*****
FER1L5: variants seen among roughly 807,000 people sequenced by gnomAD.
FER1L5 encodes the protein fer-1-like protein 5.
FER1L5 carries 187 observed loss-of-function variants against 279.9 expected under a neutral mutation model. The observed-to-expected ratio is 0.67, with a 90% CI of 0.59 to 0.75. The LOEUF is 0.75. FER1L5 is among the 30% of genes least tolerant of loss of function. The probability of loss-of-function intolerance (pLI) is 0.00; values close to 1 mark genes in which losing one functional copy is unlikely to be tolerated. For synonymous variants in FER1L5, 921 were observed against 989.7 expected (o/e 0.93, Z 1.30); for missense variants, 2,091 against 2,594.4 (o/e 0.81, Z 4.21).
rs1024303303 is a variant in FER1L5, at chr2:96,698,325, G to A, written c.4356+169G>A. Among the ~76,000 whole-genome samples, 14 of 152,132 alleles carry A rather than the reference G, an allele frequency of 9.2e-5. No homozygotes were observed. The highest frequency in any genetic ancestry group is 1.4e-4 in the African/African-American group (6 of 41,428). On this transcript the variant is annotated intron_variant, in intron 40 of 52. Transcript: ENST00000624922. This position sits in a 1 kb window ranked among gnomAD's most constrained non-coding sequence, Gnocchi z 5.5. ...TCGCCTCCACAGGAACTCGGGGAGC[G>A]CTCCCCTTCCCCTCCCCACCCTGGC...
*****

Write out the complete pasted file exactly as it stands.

FER1L5: variants seen among roughly 807,000 people sequenced by gnomAD.
FER1L5 encodes the protein fer-1-like protein 5.
FER1L5 carries 187 observed loss-of-function variants against 279.9 expected under a neutral mutation model. The observed-to-expected ratio is 0.67, with a 90% CI of 0.59 to 0.75. The LOEUF is 0.75. FER1L5 is among the 30% of genes least tolerant of loss of function. The probability of loss-of-function intolerance (pLI) is 0.00; values close to 1 mark genes in which losing one functional copy is unlikely to be tolerated. For synonymous variants in FER1L5, 921 were observed against 989.7 expected (o/e 0.93, Z 1.30); for missense variants, 2,091 against 2,594.4 (o/e 0.81, Z 4.21).
rs1024303303 is a variant in FER1L5, at chr2:96,698,325, G to A, written c.4356+169G>A. Among the ~76,000 whole-genome samples, 14 of 152,132 alleles carry A rather than the reference G, an allele frequency of 9.2e-5. No homozygotes were observed. The highest frequency in any genetic ancestry group is 1.4e-4 in the African/African-American group (6 of 41,428). On this transcript the variant is annotated intron_variant, in intron 40 of 52. Transcript: ENST00000624922. This position sits in a 1 kb window ranked among gnomAD's most constrained non-coding sequence, Gnocchi z 5.5. ...TCGCCTCCACAGGAACTCGGGGAGC[G>A]CTCCCCTTCCCCTCCCCACCCTGGC...